Antarctic terrestrial invertebrate communities are likely to respond to climate changes both directly and indirectly. They are predictors of changes of microbial assemblage diversity and activity and the development of changes in Antarctic plant communities (Nielsen & Wall 2013). Despite the fact that these regions are expected to have the most visible response to changing temperatures, studies on altitudinal gradients have rarely been conducted in either Antarctic deserts (Powers, Freckman & Virginia 1995; Powers et al. 1998; Courtright et al. 2001; Porazińska et al. 2002b; Adlam et al. 2010; Andriuzzi et al. 2018) or in Antarctica as a whole (e.g., Gremmen et al. 2007).

A reasonably complete understanding of global biodiversity is crucial for studying both the evolution and ecology of these ecosystems and to provide answers as to how global-scale changes will affect them, especially those in fragile polar areas (Convey 2011; Nielsen & Wall 2013). With so few studies published, there are many remote inland ice-free areas that have yet to be sampled and provide data for models of Antarctic climate change.

The main aims of our study were (a) a comparison of fauna in two regions (Diamond Hill and Bartrum Basin) that differ in altitude, topography and age of recent glaciation in the remote Darwin Glacier area and (b) to survey changes of soil fauna over altitudinal gradients on the slopes of Diamond Hill. In this study we identified prominent abiotic factors influencing the density of soil nematodes. We also investigated the possibility that humidity derived from orographic clouds may have a significant impact on polar soil biota.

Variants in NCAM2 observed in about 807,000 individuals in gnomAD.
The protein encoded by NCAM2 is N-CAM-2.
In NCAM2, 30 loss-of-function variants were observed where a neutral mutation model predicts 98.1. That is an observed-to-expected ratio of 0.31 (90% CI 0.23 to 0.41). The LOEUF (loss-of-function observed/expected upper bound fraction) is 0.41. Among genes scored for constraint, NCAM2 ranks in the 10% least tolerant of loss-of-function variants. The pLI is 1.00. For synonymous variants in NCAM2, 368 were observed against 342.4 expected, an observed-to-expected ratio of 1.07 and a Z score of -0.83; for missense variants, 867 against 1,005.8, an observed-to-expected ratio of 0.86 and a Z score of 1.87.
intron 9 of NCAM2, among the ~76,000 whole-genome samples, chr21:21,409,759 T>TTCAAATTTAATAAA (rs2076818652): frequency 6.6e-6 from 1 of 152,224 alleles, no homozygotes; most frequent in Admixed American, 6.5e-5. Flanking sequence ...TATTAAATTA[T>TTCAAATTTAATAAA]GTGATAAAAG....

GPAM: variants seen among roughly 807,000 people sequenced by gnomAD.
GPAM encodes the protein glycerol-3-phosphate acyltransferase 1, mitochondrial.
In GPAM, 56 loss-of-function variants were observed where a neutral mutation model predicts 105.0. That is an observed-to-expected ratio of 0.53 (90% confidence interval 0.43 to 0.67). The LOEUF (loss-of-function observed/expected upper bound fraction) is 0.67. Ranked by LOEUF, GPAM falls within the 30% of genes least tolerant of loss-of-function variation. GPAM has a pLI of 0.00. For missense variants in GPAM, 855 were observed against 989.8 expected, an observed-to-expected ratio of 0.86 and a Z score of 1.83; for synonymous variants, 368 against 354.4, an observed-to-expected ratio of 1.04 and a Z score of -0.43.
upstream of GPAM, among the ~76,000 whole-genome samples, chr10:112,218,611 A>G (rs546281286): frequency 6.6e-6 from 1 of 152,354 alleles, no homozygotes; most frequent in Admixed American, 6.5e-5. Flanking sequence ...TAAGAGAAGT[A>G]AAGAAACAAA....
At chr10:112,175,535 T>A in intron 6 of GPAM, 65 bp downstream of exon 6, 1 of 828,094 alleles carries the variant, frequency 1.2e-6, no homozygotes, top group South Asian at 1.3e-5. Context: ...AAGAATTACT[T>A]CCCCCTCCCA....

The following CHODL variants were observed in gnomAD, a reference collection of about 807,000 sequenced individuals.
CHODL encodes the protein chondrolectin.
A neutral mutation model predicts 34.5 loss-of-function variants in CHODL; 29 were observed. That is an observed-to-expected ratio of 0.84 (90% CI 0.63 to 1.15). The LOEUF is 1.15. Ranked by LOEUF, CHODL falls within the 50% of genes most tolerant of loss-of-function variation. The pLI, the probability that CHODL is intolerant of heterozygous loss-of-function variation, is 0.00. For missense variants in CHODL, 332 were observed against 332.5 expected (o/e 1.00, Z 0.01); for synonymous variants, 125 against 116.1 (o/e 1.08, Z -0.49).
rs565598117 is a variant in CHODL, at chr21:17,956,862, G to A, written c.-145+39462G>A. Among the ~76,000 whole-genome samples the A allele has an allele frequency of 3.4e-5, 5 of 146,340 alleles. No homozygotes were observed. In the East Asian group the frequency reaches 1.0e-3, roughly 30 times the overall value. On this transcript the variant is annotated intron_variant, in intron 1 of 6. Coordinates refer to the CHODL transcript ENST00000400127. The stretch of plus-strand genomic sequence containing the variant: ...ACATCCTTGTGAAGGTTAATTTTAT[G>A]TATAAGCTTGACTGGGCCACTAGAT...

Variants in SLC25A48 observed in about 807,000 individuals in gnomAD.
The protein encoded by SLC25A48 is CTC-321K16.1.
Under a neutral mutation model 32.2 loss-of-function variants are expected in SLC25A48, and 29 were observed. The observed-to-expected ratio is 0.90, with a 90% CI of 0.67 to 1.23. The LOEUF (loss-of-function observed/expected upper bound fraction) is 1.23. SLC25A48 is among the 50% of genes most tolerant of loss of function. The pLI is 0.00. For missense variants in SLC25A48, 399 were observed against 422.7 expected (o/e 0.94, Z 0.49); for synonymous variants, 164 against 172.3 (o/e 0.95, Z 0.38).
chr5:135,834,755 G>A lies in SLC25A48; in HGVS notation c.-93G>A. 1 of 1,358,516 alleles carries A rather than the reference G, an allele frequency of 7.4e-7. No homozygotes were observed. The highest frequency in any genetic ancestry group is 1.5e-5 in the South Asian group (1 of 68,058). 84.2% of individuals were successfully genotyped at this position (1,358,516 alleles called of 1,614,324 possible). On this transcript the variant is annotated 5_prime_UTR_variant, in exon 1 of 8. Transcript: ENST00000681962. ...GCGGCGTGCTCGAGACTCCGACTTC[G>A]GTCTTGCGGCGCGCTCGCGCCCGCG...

Material and methods

Study area

We conducted our studies at two areas in the Darwin Glacier region (79.88° S 159.00° E): at Diamond Hill at the outlet of the glacier; and the Bartrum Basin, approximately 20 km to the west. This area, part of the Brown Hills, constitutes desert isolated by glaciers from mountain ranges and the sea (Fig. 1). Diamond Hill is located at the eastern edge of the Transantarctic Mountains, close to the Ross Ice Shelf and the north side of the outlet of the Darwin Glacier. It is dominated by outcrops of granite, granodiorite and high-grade metamorphic rocks (Carosi et al. 2007). Further inland, the Beacon Sandstones (Devonian–Triassic) are intruded by sills and dikes of Lower Jurassic tholeiitic dolerite (Elliot & Fleming 2004). Cosmogenic exposure ages of exposed rocks in this region range from 1000 to 1 million years, and rocks at the Diamond Hill site are estimated to have been exposed, presumably by ice sheet retreat, for about 400 000 years (Storey et al. 2010). The climate of Diamond Hill is characterized by higher air humidity and precipitation that supports a modest diversity and abundance of lichens somewhat greater than the Bartrum Basin (Ruprecht et al. 2010). Nevertheless, the few available studies of limno-terrestrial biology of the Darwin Glaciers region (Ruprecht et al. 2009; Webster-Brown et al. 2010; Magalhăes et al. 2012; Colesie et al. 2013; Colesie et al. 2014) show low community diversity compared to other polar regions including the Dry Valleys. Webster-Brown et al. (2010) showed that benthic microbial mats in this area are thin and poorly developed, dominated by oscillatoriacean cyanobacteria. Nitrogen-fixing genera were generally absent, and diatoms were rare (Webster et al. 2010). Colesie et al. (2014) conducted the most comprehensive studies in this area as part of a broad survey of the Ross Sea coastline focusing on lichens, bryophytes and arthropods (springtails and mites). The Diamond Hill area of the Darwin Glacier yielded nine species of lichens, one bryophyte and only one invertebrate species, a mite (Colesie et al. 2014).